At least 42 people have been killed and 224 others wounded in a series of three car bombings across the Iraqi capital of Baghdad.
Security officials said the attacks on Sunday targeted foreign diplomatic missions, with blasts occurring near the embassies of Iran, Germany and Egypt.
Major-General Qassim al-Moussawi, an Iraqi security forces spokesman, said two of the bombings occurred in Baghdad's Mansour district, in the west of the capital, while the third blast occurred in Salhiya district, near the Iranian embassy.
At the Egyptian embassy, the bomber rammed his car into a concrete blast wall, causing a three-metre deep crater in the street.
"The car crashed into the blast wall and the guards of the embassy shot the terrorist but he went and blew himself up," al-Moussawi said.
"The same thing happened with the Iranian embassy."
The authorities said they foiled two other attacks aimed at diplomatic targets by stopping suspected bombers' vehicles and defusing their explosives.
|The explosions in Baghdad on Sunday were the first to shake the capital in recent weeks [AFP]
Hasan Kazemi Qomi, the Iranian ambassador, said it was unclear whether his embassy was a target in the attacks.
"The explosion happened at the embassy gate, targeting visitors and Iraqi police," he told the AP news service. "There was some damage to the embassy building but no employees were harmed inside."
After the explosions, smoke could be seen rising above the city as helicopters circled overhead and gunfire echoed through the streets.
The attacks come a day after uniformed gunmen left 25 people deadin the village of Albusaifi just to the south of the capital.
Some of the victims were members of the Iraqi security forces while others were part of local Awakening Councils or Sahwa, which are comprised of Sunni fighters who allied with US forces to combat al-Qaeda in Iraq.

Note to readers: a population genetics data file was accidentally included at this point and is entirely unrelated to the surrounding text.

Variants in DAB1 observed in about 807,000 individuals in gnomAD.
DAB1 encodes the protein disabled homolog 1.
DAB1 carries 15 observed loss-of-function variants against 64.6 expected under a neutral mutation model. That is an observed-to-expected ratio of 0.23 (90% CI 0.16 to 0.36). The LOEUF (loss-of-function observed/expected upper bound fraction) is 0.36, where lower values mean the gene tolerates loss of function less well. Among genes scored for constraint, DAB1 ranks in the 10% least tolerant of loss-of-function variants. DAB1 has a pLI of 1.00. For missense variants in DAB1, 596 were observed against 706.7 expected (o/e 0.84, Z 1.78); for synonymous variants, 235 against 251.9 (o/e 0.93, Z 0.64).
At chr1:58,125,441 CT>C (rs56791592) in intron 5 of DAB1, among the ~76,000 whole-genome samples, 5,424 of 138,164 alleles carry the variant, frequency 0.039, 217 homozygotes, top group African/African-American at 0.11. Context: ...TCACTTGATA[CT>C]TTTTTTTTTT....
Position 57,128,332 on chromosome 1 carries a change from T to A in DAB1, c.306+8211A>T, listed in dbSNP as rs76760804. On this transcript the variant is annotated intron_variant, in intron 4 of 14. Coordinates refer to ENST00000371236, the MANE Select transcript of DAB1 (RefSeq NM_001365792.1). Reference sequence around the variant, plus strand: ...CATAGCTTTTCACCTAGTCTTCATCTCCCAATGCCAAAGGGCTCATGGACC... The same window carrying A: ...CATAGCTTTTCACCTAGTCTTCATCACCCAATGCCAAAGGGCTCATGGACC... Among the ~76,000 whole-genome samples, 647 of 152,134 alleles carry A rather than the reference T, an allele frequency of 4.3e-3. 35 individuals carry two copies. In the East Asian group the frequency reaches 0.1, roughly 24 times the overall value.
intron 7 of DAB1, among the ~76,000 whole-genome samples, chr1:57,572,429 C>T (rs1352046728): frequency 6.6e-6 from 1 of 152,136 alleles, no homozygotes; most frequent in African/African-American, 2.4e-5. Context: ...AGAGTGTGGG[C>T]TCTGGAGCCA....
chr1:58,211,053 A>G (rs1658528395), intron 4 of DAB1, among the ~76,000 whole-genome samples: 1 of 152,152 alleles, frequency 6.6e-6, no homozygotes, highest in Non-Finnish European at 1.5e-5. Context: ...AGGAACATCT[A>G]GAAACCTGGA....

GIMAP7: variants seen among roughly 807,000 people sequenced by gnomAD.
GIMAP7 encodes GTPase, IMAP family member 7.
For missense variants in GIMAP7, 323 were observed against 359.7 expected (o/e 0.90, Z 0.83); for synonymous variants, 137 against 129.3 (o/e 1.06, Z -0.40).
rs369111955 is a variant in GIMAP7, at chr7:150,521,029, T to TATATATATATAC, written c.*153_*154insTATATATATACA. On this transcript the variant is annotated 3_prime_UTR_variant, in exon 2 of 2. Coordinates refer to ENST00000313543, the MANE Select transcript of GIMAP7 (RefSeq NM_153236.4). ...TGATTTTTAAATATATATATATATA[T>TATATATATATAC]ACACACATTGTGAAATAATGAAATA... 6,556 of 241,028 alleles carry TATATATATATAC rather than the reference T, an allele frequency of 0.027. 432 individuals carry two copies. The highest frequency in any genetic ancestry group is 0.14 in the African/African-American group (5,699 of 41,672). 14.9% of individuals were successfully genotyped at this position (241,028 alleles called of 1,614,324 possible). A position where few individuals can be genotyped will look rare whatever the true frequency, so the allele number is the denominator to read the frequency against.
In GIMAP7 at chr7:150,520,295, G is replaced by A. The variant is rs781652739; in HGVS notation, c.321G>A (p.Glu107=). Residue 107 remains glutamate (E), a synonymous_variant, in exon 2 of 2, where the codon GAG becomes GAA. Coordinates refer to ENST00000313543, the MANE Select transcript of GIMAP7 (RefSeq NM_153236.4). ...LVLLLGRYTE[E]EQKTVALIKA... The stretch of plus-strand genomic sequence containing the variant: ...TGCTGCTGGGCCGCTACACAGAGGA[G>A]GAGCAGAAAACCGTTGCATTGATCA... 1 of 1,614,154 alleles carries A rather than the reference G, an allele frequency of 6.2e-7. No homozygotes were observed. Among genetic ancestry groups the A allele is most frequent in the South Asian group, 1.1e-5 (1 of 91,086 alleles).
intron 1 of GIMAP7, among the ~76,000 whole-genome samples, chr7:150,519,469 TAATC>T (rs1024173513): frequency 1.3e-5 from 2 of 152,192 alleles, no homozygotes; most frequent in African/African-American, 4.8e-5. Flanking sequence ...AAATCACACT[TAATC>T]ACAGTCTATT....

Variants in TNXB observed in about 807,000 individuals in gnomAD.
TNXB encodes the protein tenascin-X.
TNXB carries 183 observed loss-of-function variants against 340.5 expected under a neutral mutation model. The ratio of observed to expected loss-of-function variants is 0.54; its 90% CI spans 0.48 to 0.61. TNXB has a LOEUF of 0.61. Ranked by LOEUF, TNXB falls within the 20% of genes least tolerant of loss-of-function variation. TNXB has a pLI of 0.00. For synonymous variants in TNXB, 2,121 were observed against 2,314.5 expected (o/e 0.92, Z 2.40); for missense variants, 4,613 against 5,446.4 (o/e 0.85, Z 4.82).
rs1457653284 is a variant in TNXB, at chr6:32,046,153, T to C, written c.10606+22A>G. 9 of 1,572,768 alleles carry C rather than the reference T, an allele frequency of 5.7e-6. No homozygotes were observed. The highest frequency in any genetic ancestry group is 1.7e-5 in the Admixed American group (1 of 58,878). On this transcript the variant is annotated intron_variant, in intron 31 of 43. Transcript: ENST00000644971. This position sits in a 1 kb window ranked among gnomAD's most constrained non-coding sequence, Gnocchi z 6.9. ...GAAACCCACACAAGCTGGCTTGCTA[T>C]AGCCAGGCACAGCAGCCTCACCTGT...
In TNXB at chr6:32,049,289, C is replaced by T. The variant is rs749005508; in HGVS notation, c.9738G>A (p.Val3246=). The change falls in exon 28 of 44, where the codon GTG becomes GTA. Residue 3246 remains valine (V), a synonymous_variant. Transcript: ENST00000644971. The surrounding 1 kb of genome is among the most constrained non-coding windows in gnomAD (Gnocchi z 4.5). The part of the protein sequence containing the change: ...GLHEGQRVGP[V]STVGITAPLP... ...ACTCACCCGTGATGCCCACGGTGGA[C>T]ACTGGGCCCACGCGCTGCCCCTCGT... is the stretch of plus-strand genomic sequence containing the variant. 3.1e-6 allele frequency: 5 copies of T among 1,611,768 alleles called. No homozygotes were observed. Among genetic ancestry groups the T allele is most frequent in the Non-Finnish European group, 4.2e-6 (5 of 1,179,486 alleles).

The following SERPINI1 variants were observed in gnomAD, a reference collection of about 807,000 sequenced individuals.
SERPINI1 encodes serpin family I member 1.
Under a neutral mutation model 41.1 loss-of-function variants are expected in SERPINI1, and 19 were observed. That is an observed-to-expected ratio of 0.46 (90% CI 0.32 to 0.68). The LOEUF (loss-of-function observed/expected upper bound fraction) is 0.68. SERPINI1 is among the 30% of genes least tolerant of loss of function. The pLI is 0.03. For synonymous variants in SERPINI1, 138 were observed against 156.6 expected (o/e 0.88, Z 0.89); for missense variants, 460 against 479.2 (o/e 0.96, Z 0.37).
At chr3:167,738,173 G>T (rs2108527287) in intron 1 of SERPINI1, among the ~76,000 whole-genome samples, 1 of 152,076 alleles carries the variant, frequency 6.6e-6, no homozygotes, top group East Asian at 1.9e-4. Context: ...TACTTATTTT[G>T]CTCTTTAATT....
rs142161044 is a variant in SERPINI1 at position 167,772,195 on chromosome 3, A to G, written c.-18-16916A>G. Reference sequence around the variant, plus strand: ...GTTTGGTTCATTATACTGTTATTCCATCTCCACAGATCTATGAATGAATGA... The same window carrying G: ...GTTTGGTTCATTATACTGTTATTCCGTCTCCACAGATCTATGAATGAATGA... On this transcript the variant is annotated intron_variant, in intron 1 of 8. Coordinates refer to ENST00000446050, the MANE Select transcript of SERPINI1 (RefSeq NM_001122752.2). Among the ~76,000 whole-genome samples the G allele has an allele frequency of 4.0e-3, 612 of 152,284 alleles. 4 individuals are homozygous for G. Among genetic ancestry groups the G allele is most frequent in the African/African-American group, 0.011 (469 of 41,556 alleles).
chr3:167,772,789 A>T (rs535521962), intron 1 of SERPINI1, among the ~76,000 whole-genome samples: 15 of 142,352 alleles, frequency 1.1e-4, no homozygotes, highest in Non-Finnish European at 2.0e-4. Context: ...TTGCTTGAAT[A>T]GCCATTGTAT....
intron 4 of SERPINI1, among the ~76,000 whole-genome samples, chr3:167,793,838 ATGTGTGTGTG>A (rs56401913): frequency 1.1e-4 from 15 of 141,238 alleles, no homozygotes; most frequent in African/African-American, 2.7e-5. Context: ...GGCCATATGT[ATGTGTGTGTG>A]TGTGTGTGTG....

The blasts also come at a time of political uncertaintyfor Iraq following last month's inconclusive parliamentary elections.
Al Jazeera's Zeina Khodr, reporting from Baghdad, said the attacks appeared to have confirmed fears that security could deteriorate due to the political instability.
"This has been the real fear, the very fact that the security situation could destabilise simply because of the political negotiations taking place to form a new Iraqi government," Khodr said.
The result of the election has triggered a bout of political wrangling as Iyad Allawi, the former prime minister, tries to form a government after winning a narrow victory in the polls. Analysts say the uncertainty could last for weeks.
"The terrorists seized this time between the end of the elections and the forming of the government to target the political process," said Abdul-Rasoul al-Zaidi, an Iraqi civil defence official.
In the hours before Sunday's blasts, Iraq's Green Zone, site of many international agencies and government buildings in the capital, came under mortar fire.
Meanwhile, a car bomb in the restive northern city of Mosul killed three people and wounded 25 others, including seven policemen thought to be the target of the attack.